WP Data Dashboard, Mastodon, Twitter, More: Thursday ResearchBuzz, November 2, 2023


WP Tavern: WP Data Dashboard Tracks Themes Ecosystem. “Munich-based digital agency owner Hendrik Luehrsen has been tracking the usage of themes with the FSE tag (block themes) using a spreadsheet that pulls in data from the API. Wrangling the data in a spreadsheet became too cumbersome, so Luehrsen launched WP Data Dashboard over the weekend as a ‘centralized hub for exploring, analyzing, and visualizing data across the WordPress landscape.'”


TechCrunch: Mastodon takes on Twitter/X by bringing ‘lists’ to mobile. “Mastodon, the open source, decentralized alternative to Twitter/X, is adding a feature to its app that will help make the transition smoother for newcomers: Lists. The company today announced the Mastodon app for Android is adding the much-in-demand feature, which allows users to create custom lists around specific topics or interests. An update for iOS is expected to follow, though the company did not commit to a time frame.”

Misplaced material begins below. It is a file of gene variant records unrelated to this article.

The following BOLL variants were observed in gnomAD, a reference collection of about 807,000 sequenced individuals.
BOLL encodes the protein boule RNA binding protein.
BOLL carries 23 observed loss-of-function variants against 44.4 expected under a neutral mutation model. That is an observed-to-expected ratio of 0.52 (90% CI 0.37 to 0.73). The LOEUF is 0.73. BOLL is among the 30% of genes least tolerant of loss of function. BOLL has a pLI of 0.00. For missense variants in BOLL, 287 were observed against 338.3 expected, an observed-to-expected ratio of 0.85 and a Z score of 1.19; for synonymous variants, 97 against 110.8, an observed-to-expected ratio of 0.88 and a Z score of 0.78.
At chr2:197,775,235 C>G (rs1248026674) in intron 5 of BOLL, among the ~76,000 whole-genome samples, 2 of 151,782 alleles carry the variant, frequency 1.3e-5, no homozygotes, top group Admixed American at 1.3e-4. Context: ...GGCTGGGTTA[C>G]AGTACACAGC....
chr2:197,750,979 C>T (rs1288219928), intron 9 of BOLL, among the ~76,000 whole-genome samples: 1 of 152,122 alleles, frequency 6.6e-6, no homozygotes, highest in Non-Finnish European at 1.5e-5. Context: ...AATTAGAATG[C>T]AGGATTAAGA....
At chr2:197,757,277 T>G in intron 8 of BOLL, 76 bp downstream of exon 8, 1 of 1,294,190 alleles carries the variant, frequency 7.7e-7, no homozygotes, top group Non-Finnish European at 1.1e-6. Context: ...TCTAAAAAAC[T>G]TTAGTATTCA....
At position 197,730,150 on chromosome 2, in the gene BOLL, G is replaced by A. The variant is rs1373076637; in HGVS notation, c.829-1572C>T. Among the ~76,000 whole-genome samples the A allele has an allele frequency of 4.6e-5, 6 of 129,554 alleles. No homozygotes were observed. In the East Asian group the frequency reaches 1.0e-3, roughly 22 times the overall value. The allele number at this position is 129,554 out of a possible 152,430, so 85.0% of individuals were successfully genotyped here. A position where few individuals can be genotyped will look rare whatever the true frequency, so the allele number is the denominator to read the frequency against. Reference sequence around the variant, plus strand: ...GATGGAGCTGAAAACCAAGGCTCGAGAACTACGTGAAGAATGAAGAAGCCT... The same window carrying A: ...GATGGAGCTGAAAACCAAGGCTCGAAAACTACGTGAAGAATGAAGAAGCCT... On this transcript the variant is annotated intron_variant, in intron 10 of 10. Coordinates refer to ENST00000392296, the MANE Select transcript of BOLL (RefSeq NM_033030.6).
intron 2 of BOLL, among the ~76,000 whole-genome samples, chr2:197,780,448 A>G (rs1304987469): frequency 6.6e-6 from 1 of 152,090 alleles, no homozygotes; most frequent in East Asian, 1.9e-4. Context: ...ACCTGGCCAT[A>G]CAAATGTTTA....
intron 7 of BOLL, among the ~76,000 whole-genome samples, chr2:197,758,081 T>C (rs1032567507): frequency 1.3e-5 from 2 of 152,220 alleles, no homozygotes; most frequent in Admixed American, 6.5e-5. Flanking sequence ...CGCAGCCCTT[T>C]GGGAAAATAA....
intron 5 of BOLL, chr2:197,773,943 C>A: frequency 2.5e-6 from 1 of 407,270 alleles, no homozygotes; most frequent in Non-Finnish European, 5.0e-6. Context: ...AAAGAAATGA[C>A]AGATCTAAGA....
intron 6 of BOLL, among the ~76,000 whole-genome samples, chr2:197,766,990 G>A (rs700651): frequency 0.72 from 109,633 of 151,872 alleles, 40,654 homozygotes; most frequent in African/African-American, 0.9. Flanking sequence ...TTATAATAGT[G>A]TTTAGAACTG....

Rolling Stone: Elon Musk, Who Bought Twitter for $44 Billion, Now Values It at $19 Billion. “On Monday, Oct. 30, as Fortune reports, Musk awarded all the X employees he didn’t fire equity in the company, saying it was valued at $19 billion, or $45 a share. That’s a 55 percent drop in value from when Musk bought Twitter last year — and it might be an overly sunny assessment. The mutual fund company Fidelity — which contributed over $300 million to Musk’s Twitter takeover — just revealed it thinks the company is worth 65 percent less than it was last year.”


Bellingcat: Separating Fact from Fiction on Social Media in Times of Conflict. “At Bellingcat, we pride ourselves on providing tools and resources for our audience to think critically about sources they find online. In this short guide, we give a few tips on what to consider when confronted with an abundance of footage and claims. Here’s how to separate fact from fiction with real, recent examples of misinformation.”